What Is HTTP?
Hypertext Transfer Protocol (HTTP) transfers data from a web server to your browser so that it can access and load websites.
You’ve likely already seen it in your browser’s address bar (e.g. http://www.semrush.com)
What Is HTTPS?
HTTPS is the acronym for Hypertext Transfer Protocol Secure. Like HTTP, its main purpose is to transfer data from a server to your browser, so you can load websites.
However, HTTPS uses an encrypted connection to communicate between the server and the browser. A SSL (secure sockets layer) certificate protects the transferred data from being stolen as it’s exchanged.
HTTPS was created in 1994 but wasn’t widely used as the standard until 2019. Its popularity is mostly due to Google recommending that sites switch to HTTPS in 2014.
You can also spot HTTPS in your browser’s address bar (e.g. https://www.semrush.com).
What Is the Difference Between HTTP and HTTPS?
Thanks to its encrypted connection, HTTPS is more secure than HTTP.
Site security is important even if you don’t have an ecommerce site or a website that handles sensitive data. A secure site protects your customers from getting their data stolen and protects your website from security breaches that cost time and money to fix.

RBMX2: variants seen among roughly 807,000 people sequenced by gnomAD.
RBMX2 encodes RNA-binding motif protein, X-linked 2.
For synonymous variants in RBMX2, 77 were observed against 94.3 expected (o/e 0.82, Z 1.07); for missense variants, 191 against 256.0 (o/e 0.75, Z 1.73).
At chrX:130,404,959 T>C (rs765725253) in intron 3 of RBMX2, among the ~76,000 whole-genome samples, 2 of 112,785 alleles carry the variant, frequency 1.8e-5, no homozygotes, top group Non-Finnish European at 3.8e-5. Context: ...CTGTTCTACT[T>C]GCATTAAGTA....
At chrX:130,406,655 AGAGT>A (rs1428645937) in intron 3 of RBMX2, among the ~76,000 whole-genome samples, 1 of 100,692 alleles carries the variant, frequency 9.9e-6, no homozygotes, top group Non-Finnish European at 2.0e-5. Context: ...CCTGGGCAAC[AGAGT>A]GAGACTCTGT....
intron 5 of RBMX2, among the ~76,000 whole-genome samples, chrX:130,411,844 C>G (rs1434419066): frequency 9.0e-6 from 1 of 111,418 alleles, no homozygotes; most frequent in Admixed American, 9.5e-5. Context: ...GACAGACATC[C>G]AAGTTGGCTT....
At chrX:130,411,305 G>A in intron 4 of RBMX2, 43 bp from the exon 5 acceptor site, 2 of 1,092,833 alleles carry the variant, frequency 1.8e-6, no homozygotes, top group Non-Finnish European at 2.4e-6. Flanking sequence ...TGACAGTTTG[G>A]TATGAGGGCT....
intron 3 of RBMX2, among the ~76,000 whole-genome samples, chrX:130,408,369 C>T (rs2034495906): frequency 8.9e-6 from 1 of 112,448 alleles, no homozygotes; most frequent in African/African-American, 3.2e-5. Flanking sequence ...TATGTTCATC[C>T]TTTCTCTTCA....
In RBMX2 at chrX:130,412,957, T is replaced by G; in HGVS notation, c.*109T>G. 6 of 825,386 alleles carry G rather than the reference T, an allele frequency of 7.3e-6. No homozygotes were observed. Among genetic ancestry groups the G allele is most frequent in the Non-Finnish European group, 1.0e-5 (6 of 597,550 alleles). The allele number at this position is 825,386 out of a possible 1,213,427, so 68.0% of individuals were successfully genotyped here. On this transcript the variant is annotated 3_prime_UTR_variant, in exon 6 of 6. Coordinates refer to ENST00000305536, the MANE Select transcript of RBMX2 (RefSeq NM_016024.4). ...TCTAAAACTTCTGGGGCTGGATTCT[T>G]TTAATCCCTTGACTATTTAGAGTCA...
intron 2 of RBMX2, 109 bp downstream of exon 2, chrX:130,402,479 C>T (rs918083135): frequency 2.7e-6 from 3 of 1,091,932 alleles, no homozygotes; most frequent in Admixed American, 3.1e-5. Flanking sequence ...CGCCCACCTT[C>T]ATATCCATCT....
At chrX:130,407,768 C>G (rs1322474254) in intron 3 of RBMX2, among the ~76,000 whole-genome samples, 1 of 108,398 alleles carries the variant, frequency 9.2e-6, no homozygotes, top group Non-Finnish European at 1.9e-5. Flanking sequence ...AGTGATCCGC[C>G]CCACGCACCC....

Other benefits include:
- Users trust HTTPS: Extra security encourages users to trust your brand and website. They’ll feel more comfortable sharing sensitive data with you or making purchases on your website.
- Boost to SEO Ranking: Since HTTPS makes the web safer and better for users, Google was a big advocate for the switch from HTTP to HTTPS back in 2014. They also confirmed that websites using HTTPS had the potential to rank higher than those using HTTP.
- Opportunity for AMP Pages: Only sites with HTTPS can use the AMP (accelerated mobile page) framework. AMPs are mobile-only pages or websites that load quickly, making them more mobile-friendly.
How to Switch from HTTP to HTTPS
You’ll be glad to know that switching to HTTPS is a relatively straightforward process:
- Purchase an SSL certificate: Plenty of web hosting companies (like GoDaddy or Namecheap) sell SSL certificates. However, if you wish to purchase your certificate from a third-party vendor, ensure that you research thoroughly before making your purchase.